When I reviewed the WD Blue 4TB SSHD, I was impressed by its speed and strong sequential performance, but I felt that its 8GB of NAND cache wasn’t large enough for the kind of loads it’d have to deal with and I wondered if it even provided any real benefits to the drive. When I was handed the much smaller 2.5-inch 1TB Blue SSHD, I hoped that I’d see the opposite and find an SSHD that was finally served well by the added cache. Did that happen? Well, yes and no.
Like its 4TB sibling, the 1TB SSHD features 8GB of NAND cache, which it uses to temporarily store files that you use or that the OS accesses often. The cache is there to bridge the price/performance gap compared to a regular SSD and to an extent it does work. It should give you the same snappiness as an SSD for the applications that you load most frequently. And it’d do just that, if the drive was able to fit into most systems.
The problem with this particular drive is that while it’s a 2.5-inch form factor, it’s the older one with a height of 9.5mm. It’s not slim enough to fit into most newer laptops and netbooks, and it barely fits in the drive cage for my PS4. If this drive was 7mm high instead, that would put it on the same footing as many of its cheaper, slimmer cousins. With a price of R1,459, it’s also in danger of being given the cold shoulder as 500GB SSD drives start to hit that price point.
For short periods of sustained writes to the drive, average write speeds ramp up to about 110MB/s, and occasionally the drive can burst as high as 140MB/s. After that, speeds quickly drop back to the average, and only synthetic benchmarks seem to be able to creep over 115MB/s in write speed, while read speeds are generally over 120MB/s. These are decent speeds for the 2.5-inch form factor and fairly close to some of the speeds WD were recording with their 2TB Black drive a few years ago.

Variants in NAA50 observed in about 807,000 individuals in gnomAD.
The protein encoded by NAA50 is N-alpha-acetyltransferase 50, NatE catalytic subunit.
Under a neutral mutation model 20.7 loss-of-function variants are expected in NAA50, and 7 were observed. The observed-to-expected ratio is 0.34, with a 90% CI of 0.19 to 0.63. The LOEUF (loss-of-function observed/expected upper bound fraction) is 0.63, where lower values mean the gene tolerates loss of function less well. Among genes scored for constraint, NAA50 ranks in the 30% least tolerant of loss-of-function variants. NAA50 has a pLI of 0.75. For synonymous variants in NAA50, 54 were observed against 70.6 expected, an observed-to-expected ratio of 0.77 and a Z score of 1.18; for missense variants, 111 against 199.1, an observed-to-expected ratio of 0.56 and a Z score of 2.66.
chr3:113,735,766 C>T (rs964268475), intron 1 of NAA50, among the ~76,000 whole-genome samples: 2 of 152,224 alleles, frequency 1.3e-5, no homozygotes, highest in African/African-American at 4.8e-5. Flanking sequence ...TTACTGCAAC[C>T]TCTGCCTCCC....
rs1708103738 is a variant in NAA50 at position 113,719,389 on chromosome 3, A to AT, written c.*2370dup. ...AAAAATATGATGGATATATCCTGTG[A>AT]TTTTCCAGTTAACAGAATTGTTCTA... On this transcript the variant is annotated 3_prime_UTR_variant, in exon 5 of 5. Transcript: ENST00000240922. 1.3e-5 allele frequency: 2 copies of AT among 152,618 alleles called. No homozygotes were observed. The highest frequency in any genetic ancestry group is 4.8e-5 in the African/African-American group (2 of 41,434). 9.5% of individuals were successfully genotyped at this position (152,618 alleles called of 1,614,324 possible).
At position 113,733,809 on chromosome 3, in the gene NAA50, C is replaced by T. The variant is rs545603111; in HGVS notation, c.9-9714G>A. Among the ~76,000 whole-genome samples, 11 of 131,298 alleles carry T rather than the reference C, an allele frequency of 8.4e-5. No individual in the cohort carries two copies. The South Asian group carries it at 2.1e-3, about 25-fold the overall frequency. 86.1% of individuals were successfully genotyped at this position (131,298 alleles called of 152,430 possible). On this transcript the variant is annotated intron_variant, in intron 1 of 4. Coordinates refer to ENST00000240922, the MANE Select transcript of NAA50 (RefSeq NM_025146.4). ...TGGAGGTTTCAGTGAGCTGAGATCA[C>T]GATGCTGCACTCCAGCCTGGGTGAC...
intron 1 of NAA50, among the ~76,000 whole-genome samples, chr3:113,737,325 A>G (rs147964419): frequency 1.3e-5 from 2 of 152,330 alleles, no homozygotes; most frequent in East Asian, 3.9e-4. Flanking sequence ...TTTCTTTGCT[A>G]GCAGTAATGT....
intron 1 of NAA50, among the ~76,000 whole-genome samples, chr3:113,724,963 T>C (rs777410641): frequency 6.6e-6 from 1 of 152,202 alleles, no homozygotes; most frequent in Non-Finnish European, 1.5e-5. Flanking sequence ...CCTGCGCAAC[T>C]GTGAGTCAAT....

Where the cracks start to show is in the HD Tune results, which chart a steady drop in performance as you start to read data from the outer sections of the single 1TB platter. Speeds drop from a high of 118MB/s down to just over 50MB/s, and access times go as high as 30ms. Even the cheapest 128GB SSDs are noticeably faster than this drive and that makes it difficult to recommend as a result.
Spinning platter technology has been out of the limelight for some time now, and that gives companies like WD the opportunity to stop chasing performance targets in their consumer drives, and instead offer more value for money at a lower cost per gigabyte. There are certainly much cheaper 2.5-inch 1TB drives available in WD’s stable, and future products that are born out of the recent SanDisk acquisition will make drives like these obsolete. For now, there’s decent performance on offer from the WD 1TB SSHD if you’re installing a drive like this in a PlayStation 4 or an older machine that doesn’t support TRIM functions.